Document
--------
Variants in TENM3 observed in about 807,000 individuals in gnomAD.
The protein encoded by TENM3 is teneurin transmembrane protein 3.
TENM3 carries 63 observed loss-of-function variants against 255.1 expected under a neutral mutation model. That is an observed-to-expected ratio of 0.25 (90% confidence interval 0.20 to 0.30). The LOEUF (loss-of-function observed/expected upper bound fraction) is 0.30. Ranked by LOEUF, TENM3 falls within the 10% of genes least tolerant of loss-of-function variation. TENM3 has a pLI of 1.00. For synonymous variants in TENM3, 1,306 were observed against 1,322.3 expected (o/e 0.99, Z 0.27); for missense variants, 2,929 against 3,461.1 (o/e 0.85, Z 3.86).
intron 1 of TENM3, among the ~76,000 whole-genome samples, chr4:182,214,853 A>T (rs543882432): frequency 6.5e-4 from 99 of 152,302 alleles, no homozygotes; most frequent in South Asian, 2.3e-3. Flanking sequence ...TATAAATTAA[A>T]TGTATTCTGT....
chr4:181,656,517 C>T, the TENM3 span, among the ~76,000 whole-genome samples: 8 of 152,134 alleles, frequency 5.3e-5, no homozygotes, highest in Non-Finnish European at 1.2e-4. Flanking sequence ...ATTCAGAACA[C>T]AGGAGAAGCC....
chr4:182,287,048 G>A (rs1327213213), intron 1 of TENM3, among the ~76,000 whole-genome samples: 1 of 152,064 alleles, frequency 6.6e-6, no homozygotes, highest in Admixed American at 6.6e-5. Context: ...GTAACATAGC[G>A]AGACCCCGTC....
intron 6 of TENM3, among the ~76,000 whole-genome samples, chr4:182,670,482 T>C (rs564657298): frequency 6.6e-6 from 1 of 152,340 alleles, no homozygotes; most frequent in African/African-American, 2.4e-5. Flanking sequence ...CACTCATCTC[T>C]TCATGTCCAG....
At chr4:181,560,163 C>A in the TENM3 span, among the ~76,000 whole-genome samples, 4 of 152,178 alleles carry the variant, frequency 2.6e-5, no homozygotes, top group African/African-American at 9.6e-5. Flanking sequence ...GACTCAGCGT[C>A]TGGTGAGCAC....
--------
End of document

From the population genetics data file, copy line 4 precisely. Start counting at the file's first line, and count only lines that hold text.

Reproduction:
intron 1 of TENM3, among the ~76,000 whole-genome samples, chr4:182,214,853 A>T (rs543882432): frequency 6.5e-4 from 99 of 152,302 alleles, no homozygotes; most frequent in South Asian, 2.3e-3. Flanking sequence ...TATAAATTAA[A>T]TGTATTCTGT....